Chronic hepatitis D: A vanishing disease? An Italian multicenter study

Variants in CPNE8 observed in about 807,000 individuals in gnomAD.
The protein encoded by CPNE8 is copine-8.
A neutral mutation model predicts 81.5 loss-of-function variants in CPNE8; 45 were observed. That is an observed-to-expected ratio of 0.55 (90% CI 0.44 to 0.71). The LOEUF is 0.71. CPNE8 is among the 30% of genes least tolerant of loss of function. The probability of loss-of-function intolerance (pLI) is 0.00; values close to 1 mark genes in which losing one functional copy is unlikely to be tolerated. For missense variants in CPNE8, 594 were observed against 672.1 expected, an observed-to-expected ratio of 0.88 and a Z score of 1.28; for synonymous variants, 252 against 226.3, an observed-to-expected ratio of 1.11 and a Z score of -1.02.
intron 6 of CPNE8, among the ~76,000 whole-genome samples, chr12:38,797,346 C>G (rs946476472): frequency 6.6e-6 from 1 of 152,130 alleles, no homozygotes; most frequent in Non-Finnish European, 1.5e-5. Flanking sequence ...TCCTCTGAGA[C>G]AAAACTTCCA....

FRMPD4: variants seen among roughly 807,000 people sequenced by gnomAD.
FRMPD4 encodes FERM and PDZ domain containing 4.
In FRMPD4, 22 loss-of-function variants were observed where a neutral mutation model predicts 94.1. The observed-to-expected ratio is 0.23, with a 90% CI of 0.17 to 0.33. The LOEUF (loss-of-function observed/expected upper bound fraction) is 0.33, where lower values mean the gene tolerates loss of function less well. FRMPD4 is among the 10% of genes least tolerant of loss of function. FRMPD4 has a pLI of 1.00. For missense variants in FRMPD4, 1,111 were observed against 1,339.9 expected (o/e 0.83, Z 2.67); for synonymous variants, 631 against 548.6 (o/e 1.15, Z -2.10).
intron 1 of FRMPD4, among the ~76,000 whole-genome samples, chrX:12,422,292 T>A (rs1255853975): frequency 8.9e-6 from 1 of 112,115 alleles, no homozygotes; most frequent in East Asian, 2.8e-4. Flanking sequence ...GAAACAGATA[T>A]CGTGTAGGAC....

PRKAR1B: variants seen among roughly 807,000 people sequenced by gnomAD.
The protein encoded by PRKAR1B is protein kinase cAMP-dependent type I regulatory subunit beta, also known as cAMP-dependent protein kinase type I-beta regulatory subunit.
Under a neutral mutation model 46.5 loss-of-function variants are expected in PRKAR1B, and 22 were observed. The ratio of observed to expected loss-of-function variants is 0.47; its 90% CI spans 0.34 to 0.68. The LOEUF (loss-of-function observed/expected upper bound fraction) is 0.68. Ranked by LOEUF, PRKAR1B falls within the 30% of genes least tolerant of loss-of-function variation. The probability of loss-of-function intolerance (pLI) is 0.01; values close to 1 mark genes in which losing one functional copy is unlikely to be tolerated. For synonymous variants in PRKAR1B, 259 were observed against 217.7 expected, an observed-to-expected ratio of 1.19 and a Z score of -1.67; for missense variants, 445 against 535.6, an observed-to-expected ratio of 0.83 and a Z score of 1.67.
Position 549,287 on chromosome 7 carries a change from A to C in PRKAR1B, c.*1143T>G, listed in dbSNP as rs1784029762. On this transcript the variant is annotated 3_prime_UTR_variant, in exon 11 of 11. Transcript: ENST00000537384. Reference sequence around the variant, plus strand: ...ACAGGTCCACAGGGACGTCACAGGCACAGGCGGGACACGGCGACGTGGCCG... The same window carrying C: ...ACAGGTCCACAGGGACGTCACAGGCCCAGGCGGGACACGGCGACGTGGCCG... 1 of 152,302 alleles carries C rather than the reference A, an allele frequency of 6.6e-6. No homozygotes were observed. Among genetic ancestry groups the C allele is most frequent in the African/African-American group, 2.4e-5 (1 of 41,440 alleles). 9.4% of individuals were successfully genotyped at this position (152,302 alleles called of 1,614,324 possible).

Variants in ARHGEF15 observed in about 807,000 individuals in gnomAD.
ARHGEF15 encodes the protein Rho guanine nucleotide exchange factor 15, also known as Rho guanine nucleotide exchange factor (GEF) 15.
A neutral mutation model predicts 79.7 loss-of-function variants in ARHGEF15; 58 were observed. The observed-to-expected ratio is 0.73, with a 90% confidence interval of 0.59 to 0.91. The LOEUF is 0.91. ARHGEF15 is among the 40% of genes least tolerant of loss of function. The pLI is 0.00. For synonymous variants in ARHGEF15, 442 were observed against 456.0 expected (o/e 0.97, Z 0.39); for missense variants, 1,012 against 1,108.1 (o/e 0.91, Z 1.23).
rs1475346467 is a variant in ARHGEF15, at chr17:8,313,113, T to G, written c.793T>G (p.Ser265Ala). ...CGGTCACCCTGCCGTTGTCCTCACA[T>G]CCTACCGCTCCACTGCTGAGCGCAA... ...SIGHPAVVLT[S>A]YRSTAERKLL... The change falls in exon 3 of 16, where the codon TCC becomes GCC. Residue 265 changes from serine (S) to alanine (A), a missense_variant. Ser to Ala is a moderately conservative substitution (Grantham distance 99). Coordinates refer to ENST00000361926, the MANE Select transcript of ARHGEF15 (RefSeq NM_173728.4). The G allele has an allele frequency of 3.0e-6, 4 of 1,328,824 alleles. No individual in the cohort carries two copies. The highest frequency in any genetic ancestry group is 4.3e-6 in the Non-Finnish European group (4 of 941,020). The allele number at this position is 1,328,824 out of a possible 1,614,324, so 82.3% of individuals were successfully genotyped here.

Hepatitis delta virus (HDV) was responsible for a high proportion of cases of acute and chronic liver disease in Southern Europe during the 1970s. Some data suggest that by the 1990s HDV circulation had substantially declined. We have assessed the prevalence of HDV infection and its clinical impact in 834 Italian hepatitis B surface antigen (HBsAg) carriers in 1997. Anti-HDV antibodies were sought in all consecutive chronic HBsAg carriers observed in 14 referral liver units throughout Italy. Risk factors for anti-HDV positivity were evaluated. Anti-HDV antibodies were found in 69 of 834 (8.3%) HBsAg-positive patients. Cohabitation with an anti-HDV–positive subject, intravenous drug addiction, residence in the South of the country, and the presence of cirrhosis were independently associated with the presence of anti-HDV antibodies. The overall prevalence of anti-HDV antibodies was lower than those observed in 2 multicenter surveys performed in 1987 and 1992 (23% and 14%, respectively). By 1997, the percentage of anti-HDV–positive subjects had sharply decreased in the 30 to 50 years age group, whereas it was almost unchanged in subjects over 50 years of age. The highest prevalence of anti-HDV antibodies (11.7%) was found in patients with cirrhosis. This prevalence was as high as 40% in the 1987 study. The circulation of HDV sharply decreased in Italy, by 1.5% per year, from 1987 to 1997. This decrease resulted mainly from the reduction in chronic HDV infections in the young, for whom high morbidity and mortality rates were recorded in the past. The results anticipate the almost complete control of HDV infection in the near future.